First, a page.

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China studies Maui’s ties to Dr. Sun Yat-sen

By Staff | May 12, 2011

From left, Chen Di Qiu, sub-editor of the Zhongshan Research Association of Dr. Sun Yat-sen; Dr. Busaba Yip; Victor Sun, honorary chairman of the Overseas Chinese Cultural Society of Zhongshan; and Robert Santos visit the Dr. Sun Yat-sen Museum in Zhongshan.

LAHAINA — On Nov. 12, 2010, the people of Zhongshan, Guangdong Province, People’s Republic of China, celebrated the 144th birthday of Dr. Sun Yat-sen.

With their celebration, they launched a worldwide search for connections among overseas Chinese with Yat-sen’s 1911 revolution that led to the end of China’s feudalism and his presidency of the new Chinese Republic.

Dr. Busaba Yip and Robert Santos, representing the Wo Hing Society of Lahaina, traveled to Zhongshan, China, to attend the birthday celebration.

While there, they met with representatives of the Zhongshan Foreign and Overseas Chinese Bureau, as well as with Victor Sun, the great-grandson of Yat-sen’s older brother, Sun Mei.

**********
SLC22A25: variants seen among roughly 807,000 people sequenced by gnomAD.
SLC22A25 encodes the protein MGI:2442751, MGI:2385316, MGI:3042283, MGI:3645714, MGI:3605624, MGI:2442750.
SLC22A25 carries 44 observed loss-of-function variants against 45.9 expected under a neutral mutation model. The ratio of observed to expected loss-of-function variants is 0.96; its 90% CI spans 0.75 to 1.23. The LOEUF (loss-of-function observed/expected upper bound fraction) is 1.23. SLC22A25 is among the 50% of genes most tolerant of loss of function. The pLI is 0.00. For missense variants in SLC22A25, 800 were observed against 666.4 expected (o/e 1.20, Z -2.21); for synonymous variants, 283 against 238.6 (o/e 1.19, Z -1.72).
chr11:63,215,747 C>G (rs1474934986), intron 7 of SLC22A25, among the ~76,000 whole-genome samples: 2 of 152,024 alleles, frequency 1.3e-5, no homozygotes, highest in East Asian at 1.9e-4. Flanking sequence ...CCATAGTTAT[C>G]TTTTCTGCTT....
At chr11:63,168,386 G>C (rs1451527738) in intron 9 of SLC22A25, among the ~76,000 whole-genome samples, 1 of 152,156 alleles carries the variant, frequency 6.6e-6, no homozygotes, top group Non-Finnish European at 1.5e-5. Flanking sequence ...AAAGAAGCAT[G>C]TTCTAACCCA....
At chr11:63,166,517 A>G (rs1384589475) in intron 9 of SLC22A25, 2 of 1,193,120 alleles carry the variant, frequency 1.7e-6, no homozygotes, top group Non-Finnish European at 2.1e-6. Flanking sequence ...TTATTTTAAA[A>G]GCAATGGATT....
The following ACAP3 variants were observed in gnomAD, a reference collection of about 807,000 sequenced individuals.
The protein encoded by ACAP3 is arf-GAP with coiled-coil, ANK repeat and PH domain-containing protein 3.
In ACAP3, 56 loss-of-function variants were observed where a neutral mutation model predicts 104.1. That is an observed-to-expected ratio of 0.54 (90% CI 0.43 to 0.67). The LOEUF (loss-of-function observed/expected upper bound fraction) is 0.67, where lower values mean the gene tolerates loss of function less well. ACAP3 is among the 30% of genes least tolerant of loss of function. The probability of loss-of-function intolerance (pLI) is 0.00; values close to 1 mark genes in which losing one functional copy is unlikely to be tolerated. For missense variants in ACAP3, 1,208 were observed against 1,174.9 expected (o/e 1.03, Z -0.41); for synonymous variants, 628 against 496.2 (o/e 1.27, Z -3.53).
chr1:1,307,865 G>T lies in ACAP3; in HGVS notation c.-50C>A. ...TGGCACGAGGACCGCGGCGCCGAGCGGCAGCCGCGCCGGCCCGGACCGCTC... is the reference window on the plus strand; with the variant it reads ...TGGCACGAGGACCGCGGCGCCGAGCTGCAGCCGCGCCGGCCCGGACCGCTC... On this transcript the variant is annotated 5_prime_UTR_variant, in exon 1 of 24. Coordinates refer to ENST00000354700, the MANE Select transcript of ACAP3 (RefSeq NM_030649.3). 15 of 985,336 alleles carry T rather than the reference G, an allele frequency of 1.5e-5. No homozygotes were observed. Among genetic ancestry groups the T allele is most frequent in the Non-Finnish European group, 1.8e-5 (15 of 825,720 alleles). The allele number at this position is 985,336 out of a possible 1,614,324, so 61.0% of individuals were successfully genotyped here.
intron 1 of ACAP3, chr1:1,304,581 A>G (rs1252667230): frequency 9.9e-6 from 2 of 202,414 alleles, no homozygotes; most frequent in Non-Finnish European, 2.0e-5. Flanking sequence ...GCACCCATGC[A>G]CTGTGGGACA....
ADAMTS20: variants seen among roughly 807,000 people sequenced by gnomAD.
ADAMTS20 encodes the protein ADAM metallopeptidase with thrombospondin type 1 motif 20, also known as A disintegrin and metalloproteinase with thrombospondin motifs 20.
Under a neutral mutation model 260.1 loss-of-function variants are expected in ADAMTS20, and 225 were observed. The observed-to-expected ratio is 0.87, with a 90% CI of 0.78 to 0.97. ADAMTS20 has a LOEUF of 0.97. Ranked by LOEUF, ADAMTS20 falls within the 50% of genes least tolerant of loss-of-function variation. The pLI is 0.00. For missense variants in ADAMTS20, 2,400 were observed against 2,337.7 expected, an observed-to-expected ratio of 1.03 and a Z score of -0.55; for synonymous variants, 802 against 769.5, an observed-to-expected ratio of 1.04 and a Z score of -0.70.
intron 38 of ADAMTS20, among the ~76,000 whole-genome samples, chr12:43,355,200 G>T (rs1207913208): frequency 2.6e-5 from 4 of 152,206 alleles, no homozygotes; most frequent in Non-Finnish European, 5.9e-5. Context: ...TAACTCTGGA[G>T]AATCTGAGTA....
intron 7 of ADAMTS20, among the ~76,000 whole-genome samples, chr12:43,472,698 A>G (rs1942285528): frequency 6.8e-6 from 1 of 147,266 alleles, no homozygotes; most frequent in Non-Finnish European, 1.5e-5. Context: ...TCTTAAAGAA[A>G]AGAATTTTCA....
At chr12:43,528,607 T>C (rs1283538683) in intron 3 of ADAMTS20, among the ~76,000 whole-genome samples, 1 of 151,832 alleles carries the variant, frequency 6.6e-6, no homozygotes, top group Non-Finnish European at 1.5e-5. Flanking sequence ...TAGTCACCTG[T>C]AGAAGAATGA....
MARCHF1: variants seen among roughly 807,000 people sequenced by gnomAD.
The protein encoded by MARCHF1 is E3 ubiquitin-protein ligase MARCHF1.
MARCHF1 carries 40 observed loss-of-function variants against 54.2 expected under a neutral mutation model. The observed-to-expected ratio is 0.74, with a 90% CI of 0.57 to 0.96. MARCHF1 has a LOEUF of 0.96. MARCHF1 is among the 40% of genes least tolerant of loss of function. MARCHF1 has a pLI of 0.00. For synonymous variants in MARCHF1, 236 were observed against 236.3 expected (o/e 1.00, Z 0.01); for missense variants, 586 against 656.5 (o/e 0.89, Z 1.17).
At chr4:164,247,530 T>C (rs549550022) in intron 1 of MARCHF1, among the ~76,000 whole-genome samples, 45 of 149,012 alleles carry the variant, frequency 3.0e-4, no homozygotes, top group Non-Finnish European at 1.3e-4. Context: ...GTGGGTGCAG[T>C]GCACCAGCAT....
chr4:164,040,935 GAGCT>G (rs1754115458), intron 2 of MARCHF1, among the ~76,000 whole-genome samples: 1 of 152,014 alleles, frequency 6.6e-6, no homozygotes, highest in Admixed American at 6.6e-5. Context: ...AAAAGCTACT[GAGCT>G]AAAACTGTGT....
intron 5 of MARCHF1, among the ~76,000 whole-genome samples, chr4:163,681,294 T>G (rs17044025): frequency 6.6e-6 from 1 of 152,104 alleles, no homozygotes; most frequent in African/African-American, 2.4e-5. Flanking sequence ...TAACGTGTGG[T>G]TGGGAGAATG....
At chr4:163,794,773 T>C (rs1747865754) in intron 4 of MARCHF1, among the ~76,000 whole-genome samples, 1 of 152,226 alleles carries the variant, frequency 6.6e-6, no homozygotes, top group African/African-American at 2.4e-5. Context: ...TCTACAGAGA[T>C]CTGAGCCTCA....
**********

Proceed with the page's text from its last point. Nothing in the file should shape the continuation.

A team of researchers from the Zhongshan Foreign and Overseas Chinese Affairs Bureau and the Zhongshan Daily Press recently spent two days on Maui to collect information about the contributions of Maui Chinese to the 1911 Revolution.

Here in Lahaina, representatives from Zhongshan, Honolulu, Wo Hing Society and Lahaina Restoration Foundation met at the Wo Hing Museum.

Maui played an important role in the life of Yat-Sen. His brother, Sun Mei, operated a 3,000-acre cattle ranch in Kamaole. He, as well as many other Chinese on Maui, provided financial support to the revolution.

The Wo Hing Society in Lahaina, started in 1900 or earlier, was a center for the Chinese community of West Maui. It primarily served as a “mutual aid society.”

Yip of the Lahaina Restoration Foundation and historian Stanley Solamillo conducted preliminary research on the Wo Hing Society’s collections, which include 30 plaques and couplets, as well as some 2,000 written documents.

Their research indicates that a relationship existed between Maui’s Chinese and Dr. Yat-sen.

In addition, there is evidence that Wo Hing Society members supported his 1911 Chinese revolution.

This research project was funded by a National Park Service-certified local government grant that was provided to Maui County through the Hawaii State Historic Preservation Division.